Global sales of industrial robots are at an all-time high, climbing 29% between 2016 and 2017.
According to the International Federation of Robotics (IFR), 380,550 robots were sold in 2017, compared to 294,300 in the previous year.
However, the IFR’s findings, published in the World Robotics Report 2018, showed that much of this growth has been fuelled by China where demand soared by a staggering 58%.
Nevertheless, demand also grew in the West, rising 6% in the US to around 33,000 industrial robots, and 8% in Germany with approximately 22,000 units sold.
“The growth of industrial robots continues at an impressive pace worldwide,” said IFR president Junji Tsuda.
“Key trends such as digitalisation, simplification and human-robot collaboration will certainly shape the future and drive forward rapid development.”
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Surge in industrial adoption fuelled by industry backing
Much of the growth has been produced due to the increased use of robotics in a small number of key industries.
The metal industry has seen the biggest rise of adoption of industrial robots in 2017, with 54% growth.
The electronics industry has also seen a surge, rising 27%. This is likely due to growing wages in China, prompting more companies in this sector to automate parts of their industrial processes.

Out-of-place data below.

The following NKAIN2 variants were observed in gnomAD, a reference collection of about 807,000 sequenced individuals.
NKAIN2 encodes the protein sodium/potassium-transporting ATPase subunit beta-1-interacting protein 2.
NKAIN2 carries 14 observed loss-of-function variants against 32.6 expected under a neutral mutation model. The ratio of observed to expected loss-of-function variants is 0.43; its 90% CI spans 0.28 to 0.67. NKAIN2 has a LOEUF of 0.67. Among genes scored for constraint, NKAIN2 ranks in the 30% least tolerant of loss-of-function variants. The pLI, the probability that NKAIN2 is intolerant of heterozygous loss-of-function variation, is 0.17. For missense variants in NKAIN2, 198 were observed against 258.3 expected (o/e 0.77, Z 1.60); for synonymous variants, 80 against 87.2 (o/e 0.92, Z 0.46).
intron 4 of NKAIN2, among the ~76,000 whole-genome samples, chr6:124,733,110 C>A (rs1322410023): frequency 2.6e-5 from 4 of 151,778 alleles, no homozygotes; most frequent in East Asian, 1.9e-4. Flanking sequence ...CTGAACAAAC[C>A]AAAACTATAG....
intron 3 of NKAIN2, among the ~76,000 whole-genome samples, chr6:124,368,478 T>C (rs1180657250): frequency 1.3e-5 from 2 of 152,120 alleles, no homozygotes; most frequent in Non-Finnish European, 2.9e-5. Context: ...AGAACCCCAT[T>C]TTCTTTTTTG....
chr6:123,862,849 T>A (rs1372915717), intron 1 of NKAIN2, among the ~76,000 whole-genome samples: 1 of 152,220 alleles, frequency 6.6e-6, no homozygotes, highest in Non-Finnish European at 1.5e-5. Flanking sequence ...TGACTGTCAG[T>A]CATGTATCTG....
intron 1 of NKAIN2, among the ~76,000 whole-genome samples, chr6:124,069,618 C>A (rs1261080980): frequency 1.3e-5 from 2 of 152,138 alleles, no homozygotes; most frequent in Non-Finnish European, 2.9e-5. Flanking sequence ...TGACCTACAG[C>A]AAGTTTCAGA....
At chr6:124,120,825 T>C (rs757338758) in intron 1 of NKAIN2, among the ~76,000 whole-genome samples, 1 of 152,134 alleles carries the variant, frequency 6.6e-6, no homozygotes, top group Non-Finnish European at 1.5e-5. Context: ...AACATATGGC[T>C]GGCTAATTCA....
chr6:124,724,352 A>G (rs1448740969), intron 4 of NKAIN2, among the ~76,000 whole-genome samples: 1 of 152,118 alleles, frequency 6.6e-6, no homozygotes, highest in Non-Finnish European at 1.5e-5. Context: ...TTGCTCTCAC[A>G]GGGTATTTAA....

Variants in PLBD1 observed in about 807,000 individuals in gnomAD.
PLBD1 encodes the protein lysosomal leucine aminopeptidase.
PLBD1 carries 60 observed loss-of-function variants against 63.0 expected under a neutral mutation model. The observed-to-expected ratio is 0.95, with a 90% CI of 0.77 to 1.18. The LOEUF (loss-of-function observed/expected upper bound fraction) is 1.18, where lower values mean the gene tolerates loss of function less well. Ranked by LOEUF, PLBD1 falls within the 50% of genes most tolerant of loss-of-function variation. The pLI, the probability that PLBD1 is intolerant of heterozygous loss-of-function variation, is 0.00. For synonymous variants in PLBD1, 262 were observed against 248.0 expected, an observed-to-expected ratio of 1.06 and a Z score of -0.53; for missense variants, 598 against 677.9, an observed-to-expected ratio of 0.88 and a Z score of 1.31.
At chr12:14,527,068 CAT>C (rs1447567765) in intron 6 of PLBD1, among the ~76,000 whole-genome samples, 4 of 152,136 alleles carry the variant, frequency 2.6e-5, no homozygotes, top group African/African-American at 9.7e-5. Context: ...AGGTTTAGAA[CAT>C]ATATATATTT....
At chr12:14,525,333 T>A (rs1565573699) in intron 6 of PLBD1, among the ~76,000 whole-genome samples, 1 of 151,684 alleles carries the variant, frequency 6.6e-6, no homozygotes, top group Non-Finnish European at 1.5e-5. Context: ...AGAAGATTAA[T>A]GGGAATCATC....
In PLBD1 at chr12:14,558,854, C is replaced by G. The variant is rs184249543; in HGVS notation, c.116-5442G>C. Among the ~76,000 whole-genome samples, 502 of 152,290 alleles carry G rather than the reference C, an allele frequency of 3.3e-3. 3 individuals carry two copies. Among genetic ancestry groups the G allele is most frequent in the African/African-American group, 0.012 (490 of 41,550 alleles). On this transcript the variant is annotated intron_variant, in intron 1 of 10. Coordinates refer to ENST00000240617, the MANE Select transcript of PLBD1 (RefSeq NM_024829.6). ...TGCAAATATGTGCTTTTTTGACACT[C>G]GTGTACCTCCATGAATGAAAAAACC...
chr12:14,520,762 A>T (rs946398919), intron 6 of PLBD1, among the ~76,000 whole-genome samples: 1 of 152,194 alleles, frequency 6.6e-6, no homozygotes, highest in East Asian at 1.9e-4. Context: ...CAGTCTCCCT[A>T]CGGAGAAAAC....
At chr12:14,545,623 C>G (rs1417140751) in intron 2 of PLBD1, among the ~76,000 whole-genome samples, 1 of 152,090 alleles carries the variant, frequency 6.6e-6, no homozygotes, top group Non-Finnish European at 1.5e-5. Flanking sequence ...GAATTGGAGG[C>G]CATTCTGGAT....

Third in terms of growth is the automotive industry at 21%. However, in terms of pure numbers, this industry purchased the most industrial robots with a total of 125,200. This shows not only the scale of industrial robotics use within automotive companies, but also that demand remains high as organisations continue to invest.
Also of note is the food industry, which has seen worldwide growth in the adoption of industrial robots at 19%.
Industrial robots to double by 2020
Adoption of industrial robots shows no signs of stalling and is only expected to become more widespread in the years ahead. By 2020, the IFA anticipates the worldwide total of industrial robots in operation to top three million, which would be twice the levels of 2014.
In many cases, this will require human workers to increasingly collaborate with their robotic colleagues, prompting the IFA to call for a greater focus on training to support this changing work environment.
“IT-like robotics process automation is by far the biggest contributor in transforming people’s jobs,” said Tsuda. “Companies and governments must collaborate to ensure workers have the skills that the technological change requires.”